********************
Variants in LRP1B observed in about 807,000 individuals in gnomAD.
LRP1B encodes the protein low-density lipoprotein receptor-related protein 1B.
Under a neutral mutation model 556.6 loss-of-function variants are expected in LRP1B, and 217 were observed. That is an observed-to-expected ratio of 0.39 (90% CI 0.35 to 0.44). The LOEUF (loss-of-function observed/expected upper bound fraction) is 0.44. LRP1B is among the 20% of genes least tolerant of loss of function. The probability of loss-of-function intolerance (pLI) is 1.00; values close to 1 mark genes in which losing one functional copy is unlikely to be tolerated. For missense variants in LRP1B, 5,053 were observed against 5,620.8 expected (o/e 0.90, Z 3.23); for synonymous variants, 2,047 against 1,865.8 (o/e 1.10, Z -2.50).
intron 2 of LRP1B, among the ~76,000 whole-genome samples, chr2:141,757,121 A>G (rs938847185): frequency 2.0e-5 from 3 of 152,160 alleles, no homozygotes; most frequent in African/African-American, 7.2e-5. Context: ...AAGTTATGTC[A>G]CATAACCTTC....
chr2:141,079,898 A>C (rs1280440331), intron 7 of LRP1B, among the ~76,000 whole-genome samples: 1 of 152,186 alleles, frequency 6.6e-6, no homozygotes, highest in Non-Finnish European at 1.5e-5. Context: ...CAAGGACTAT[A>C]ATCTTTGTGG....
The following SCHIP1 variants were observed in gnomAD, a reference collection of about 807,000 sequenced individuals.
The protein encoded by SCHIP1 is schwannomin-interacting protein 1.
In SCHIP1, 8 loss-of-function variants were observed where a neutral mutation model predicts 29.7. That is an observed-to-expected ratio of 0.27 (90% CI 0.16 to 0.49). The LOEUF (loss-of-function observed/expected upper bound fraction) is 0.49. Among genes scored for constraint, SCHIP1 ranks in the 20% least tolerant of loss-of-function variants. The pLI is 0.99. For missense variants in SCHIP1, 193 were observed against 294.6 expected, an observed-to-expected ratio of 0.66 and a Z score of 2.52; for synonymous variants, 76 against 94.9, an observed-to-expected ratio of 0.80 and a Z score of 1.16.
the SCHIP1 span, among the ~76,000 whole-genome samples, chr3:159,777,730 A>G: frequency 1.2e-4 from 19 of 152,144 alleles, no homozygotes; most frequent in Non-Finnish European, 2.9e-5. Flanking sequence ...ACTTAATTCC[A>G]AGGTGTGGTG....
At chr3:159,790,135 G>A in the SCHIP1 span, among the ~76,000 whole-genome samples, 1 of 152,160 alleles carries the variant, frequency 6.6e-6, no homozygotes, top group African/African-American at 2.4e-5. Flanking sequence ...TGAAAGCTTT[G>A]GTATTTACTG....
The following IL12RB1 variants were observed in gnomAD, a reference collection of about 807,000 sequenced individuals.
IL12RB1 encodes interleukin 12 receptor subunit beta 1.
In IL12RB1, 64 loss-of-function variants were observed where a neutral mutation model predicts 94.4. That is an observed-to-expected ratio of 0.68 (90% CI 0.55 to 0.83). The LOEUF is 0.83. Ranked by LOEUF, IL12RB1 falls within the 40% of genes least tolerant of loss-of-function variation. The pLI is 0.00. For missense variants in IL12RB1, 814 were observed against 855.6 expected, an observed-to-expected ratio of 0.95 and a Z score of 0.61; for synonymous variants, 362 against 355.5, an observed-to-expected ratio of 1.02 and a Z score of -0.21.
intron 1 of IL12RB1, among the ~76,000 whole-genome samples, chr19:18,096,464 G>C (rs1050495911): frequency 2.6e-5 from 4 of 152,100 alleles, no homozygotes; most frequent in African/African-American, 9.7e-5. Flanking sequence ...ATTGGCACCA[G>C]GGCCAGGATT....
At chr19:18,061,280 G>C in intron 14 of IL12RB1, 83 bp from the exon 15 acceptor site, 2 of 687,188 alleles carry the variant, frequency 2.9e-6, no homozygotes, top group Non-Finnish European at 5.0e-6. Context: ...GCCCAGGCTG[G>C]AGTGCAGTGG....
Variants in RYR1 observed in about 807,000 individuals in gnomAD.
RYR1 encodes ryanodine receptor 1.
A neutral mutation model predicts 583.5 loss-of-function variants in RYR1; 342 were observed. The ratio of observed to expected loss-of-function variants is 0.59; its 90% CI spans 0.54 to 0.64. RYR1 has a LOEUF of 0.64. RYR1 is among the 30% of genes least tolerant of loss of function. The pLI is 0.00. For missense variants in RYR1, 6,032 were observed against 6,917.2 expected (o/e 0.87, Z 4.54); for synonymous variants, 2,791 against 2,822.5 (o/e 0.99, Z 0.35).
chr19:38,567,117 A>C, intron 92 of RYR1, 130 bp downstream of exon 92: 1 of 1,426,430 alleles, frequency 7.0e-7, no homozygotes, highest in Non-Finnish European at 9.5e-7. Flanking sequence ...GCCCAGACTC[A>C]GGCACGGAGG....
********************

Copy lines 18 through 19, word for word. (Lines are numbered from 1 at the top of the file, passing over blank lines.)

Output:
A neutral mutation model predicts 583.5 loss-of-function variants in RYR1; 342 were observed. The ratio of observed to expected loss-of-function variants is 0.59; its 90% CI spans 0.54 to 0.64. RYR1 has a LOEUF of 0.64. RYR1 is among the 30% of genes least tolerant of loss of function. The pLI is 0.00. For missense variants in RYR1, 6,032 were observed against 6,917.2 expected (o/e 0.87, Z 4.54); for synonymous variants, 2,791 against 2,822.5 (o/e 0.99, Z 0.35).
chr19:38,567,117 A>C, intron 92 of RYR1, 130 bp downstream of exon 92: 1 of 1,426,430 alleles, frequency 7.0e-7, no homozygotes, highest in Non-Finnish European at 9.5e-7. Flanking sequence ...GCCCAGACTC[A>C]GGCACGGAGG....